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When I've arrived to Germany, the first thing I've need to do was to search for an appartment. What striked me, was hard for me to comprehend 'excentrity' of the landlords who required job contract (ehm, why is it important? better ask how much money I have on side...). It wasn't a problem for me because I've already got a job. But...

Consider typical expat situation. You want to settle in Germany. You come there to look for a job. You need an appartment... So how should you look for it to go over that 'job contract' requirement?

Is this 'additional requirement' a standard at all, or was it only a regional variation (Bavaria) or I simply had 'strange luck' when searching for appartment?

  • Such requirements are not uncommon in other countries. – Gala Feb 13 '15 at 13:27
  • I'm not sure about Germany, but in Belgium your rights as a landlord are ridiculous ... Once a tenant moves in it's really hard to get rid of him, even if he trashes the place or doesn't pay rent. So of course a landlord wants to make sure he's not going to get ripped off ;) – CustomX Feb 13 '15 at 15:06
  • @CustomX so in that case, that custom would be caused by [controversial] law regulations, and therefore likely to be widespread? And I shouldn't blame landlords but government for such 'warn' welcome? – user41 Feb 13 '15 at 15:11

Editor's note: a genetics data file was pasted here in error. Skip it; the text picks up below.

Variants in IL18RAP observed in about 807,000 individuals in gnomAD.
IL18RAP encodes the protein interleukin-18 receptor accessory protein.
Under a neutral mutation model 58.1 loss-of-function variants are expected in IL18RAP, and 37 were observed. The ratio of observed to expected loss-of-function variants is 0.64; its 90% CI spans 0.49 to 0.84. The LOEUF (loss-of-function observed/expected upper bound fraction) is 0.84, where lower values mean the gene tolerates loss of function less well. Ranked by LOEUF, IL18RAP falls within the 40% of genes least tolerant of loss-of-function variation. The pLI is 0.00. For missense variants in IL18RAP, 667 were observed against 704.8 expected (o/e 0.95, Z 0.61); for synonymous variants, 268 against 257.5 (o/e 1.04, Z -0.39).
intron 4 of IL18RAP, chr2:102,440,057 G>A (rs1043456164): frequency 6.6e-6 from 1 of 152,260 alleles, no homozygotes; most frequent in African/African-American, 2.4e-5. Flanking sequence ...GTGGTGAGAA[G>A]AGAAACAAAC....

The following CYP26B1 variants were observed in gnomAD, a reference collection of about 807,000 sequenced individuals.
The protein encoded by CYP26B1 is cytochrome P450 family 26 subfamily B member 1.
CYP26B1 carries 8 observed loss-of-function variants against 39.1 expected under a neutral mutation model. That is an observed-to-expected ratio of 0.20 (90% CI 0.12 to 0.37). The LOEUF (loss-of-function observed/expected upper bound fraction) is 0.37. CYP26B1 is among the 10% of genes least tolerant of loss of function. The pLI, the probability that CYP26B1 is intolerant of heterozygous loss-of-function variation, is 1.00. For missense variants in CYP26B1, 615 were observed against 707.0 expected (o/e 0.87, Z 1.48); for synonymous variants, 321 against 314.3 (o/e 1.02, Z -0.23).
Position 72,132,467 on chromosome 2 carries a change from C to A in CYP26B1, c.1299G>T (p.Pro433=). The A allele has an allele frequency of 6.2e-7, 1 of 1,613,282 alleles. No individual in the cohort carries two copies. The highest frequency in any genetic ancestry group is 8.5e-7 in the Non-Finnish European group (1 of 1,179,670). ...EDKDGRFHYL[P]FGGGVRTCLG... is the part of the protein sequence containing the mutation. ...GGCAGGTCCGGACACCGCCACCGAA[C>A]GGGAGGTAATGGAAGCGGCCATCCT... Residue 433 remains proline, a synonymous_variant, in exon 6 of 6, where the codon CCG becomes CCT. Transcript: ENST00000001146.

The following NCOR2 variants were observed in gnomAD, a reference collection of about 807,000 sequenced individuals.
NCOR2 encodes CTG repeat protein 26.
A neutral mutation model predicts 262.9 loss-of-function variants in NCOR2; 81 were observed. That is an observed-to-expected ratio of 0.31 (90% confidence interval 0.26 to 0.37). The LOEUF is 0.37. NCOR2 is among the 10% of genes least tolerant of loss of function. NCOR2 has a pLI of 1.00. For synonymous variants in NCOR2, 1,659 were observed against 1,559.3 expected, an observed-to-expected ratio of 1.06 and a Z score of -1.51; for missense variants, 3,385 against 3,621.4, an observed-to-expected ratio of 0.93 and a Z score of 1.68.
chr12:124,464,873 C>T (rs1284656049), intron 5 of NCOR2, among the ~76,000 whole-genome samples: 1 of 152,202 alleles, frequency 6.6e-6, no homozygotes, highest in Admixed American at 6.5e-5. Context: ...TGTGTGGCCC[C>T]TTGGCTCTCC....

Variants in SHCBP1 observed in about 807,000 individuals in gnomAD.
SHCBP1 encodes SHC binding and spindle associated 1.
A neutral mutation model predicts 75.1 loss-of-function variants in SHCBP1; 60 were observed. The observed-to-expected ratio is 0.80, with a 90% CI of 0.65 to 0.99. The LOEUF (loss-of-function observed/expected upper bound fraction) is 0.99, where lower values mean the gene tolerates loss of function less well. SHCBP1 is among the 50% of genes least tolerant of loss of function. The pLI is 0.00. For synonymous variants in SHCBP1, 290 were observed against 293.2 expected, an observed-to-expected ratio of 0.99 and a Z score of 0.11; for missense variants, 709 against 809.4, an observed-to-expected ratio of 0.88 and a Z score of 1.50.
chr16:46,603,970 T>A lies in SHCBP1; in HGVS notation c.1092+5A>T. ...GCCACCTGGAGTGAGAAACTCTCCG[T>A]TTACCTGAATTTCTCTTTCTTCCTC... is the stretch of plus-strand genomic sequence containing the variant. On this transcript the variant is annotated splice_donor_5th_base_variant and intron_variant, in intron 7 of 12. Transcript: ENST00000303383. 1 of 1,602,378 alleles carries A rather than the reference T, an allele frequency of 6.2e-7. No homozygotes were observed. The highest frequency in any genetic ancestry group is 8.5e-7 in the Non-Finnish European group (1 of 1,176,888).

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    @gerrit because they are effectively not protecting tenants, they make searching more difficult and prices higher. It's not my definition of protection. Everyone (should) have some spendings, and going abroad for job search may be a good investment. – user41 Feb 13 '15 at 15:25
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    @CustomX: The law in Germany (generally) favours tenants over landlords, and most tenancy agreements are unlimited (i.e. valid indefinitely), so the same argument applies to Germany. It's very common for landlords to dig deep into the pasts of their prospective tenants, as once the lease is signed it's very hard to get rid of them. – Lightsider Aug 26 '15 at 8:25

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